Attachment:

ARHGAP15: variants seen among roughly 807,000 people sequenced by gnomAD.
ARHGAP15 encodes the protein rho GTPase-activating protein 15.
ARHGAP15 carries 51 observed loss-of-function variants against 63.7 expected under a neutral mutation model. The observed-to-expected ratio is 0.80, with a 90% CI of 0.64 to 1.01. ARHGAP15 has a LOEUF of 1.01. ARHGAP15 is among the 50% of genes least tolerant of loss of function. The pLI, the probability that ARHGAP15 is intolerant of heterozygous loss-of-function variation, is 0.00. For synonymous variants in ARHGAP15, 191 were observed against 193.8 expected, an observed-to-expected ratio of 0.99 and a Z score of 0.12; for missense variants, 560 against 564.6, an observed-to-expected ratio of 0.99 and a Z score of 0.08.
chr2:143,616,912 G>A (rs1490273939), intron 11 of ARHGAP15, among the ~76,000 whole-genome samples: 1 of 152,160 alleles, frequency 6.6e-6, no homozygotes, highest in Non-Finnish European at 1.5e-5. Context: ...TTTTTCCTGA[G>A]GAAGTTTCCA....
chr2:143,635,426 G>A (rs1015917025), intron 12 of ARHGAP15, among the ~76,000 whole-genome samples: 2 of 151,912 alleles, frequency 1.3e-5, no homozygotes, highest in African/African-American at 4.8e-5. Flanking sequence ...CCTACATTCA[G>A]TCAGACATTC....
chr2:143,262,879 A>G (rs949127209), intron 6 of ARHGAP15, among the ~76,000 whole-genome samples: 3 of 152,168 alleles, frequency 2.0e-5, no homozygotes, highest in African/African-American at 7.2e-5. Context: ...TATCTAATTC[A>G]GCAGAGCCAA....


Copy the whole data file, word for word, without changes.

ARHGAP15: variants seen among roughly 807,000 people sequenced by gnomAD.
ARHGAP15 encodes the protein rho GTPase-activating protein 15.
ARHGAP15 carries 51 observed loss-of-function variants against 63.7 expected under a neutral mutation model. The observed-to-expected ratio is 0.80, with a 90% CI of 0.64 to 1.01. ARHGAP15 has a LOEUF of 1.01. ARHGAP15 is among the 50% of genes least tolerant of loss of function. The pLI, the probability that ARHGAP15 is intolerant of heterozygous loss-of-function variation, is 0.00. For synonymous variants in ARHGAP15, 191 were observed against 193.8 expected, an observed-to-expected ratio of 0.99 and a Z score of 0.12; for missense variants, 560 against 564.6, an observed-to-expected ratio of 0.99 and a Z score of 0.08.
chr2:143,616,912 G>A (rs1490273939), intron 11 of ARHGAP15, among the ~76,000 whole-genome samples: 1 of 152,160 alleles, frequency 6.6e-6, no homozygotes, highest in Non-Finnish European at 1.5e-5. Context: ...TTTTTCCTGA[G>A]GAAGTTTCCA....
chr2:143,635,426 G>A (rs1015917025), intron 12 of ARHGAP15, among the ~76,000 whole-genome samples: 2 of 151,912 alleles, frequency 1.3e-5, no homozygotes, highest in African/African-American at 4.8e-5. Flanking sequence ...CCTACATTCA[G>A]TCAGACATTC....
chr2:143,262,879 A>G (rs949127209), intron 6 of ARHGAP15, among the ~76,000 whole-genome samples: 3 of 152,168 alleles, frequency 2.0e-5, no homozygotes, highest in African/African-American at 7.2e-5. Context: ...TATCTAATTC[A>G]GCAGAGCCAA....